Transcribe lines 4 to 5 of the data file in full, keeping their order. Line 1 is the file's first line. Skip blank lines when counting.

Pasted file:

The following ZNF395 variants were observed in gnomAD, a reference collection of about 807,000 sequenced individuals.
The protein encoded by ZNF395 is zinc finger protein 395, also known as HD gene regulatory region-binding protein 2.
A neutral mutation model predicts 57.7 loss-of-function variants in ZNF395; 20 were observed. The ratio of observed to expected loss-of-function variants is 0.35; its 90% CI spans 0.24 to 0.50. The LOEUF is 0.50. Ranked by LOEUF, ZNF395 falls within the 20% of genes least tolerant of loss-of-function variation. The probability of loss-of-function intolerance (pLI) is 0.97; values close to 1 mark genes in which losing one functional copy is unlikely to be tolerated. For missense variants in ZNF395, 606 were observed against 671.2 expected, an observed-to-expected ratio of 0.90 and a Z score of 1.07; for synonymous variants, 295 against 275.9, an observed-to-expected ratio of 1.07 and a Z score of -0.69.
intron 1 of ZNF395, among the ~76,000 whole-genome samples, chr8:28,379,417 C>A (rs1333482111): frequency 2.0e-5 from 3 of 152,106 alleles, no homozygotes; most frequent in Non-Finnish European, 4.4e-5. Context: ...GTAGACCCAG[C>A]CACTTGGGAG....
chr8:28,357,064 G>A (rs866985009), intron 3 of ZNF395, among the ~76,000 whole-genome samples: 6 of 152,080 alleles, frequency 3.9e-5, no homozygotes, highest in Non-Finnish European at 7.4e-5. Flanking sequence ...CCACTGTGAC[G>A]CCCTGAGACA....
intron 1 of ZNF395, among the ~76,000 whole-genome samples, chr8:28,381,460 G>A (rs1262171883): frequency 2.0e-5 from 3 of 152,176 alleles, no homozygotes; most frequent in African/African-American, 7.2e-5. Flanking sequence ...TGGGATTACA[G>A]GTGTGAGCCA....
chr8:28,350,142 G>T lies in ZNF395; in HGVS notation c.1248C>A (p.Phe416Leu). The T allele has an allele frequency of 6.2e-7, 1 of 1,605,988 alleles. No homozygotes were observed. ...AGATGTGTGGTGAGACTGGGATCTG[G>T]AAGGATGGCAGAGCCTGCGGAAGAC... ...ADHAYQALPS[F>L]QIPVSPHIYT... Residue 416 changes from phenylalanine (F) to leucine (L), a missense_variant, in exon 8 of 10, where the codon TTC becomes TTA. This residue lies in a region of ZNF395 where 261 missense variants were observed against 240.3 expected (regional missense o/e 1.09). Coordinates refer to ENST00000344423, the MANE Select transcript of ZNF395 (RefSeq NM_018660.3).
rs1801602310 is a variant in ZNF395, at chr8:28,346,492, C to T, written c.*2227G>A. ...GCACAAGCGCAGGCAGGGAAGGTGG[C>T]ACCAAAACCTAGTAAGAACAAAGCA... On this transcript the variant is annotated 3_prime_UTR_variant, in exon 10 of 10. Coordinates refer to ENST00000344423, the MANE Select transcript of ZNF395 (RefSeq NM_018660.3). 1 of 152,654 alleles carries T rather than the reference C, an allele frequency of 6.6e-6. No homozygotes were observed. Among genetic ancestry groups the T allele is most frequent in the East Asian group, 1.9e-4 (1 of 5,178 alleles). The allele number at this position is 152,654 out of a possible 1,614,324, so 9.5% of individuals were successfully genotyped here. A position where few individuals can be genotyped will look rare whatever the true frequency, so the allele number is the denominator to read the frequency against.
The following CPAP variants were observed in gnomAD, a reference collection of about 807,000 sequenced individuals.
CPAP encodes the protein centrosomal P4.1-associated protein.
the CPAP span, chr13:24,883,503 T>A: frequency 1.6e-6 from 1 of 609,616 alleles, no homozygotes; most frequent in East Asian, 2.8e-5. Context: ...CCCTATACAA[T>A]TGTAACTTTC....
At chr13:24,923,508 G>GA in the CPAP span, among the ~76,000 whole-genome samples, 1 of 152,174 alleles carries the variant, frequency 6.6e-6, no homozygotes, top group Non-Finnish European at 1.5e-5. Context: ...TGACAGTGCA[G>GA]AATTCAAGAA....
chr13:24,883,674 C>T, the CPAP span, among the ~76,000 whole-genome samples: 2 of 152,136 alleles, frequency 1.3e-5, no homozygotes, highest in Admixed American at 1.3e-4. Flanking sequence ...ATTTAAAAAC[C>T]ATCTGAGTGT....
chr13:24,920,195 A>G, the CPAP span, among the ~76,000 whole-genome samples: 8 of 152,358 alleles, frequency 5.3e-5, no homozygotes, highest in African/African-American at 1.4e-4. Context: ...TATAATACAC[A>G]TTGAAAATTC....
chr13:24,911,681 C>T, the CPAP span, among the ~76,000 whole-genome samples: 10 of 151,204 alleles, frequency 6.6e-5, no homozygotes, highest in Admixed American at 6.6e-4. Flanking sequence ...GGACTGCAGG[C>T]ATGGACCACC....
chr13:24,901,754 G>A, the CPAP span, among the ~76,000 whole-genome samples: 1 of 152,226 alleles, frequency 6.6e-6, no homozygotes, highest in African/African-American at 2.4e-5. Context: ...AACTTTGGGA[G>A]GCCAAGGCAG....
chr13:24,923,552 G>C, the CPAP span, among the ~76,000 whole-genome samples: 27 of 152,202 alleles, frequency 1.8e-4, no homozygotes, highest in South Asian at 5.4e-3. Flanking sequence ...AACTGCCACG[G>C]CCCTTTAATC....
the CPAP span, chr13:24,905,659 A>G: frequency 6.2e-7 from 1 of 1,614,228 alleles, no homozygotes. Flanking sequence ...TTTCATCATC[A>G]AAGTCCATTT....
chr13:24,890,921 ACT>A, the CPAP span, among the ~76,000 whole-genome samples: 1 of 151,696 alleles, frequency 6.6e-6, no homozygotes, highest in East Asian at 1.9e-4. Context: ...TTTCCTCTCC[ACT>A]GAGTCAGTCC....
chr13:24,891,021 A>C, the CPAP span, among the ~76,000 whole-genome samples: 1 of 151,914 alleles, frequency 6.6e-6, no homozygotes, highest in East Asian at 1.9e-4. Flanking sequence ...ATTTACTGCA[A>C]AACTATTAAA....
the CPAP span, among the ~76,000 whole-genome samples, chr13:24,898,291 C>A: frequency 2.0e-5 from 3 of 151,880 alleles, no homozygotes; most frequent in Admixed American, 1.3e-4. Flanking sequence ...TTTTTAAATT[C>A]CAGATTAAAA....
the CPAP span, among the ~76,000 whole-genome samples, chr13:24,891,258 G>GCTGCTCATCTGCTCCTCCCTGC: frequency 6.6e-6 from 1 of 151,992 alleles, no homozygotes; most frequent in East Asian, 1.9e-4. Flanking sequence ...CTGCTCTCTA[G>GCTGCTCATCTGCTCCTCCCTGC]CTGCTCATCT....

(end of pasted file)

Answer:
intron 1 of ZNF395, among the ~76,000 whole-genome samples, chr8:28,379,417 C>A (rs1333482111): frequency 2.0e-5 from 3 of 152,106 alleles, no homozygotes; most frequent in Non-Finnish European, 4.4e-5. Context: ...GTAGACCCAG[C>A]CACTTGGGAG....
chr8:28,357,064 G>A (rs866985009), intron 3 of ZNF395, among the ~76,000 whole-genome samples: 6 of 152,080 alleles, frequency 3.9e-5, no homozygotes, highest in Non-Finnish European at 7.4e-5. Flanking sequence ...CCACTGTGAC[G>A]CCCTGAGACA....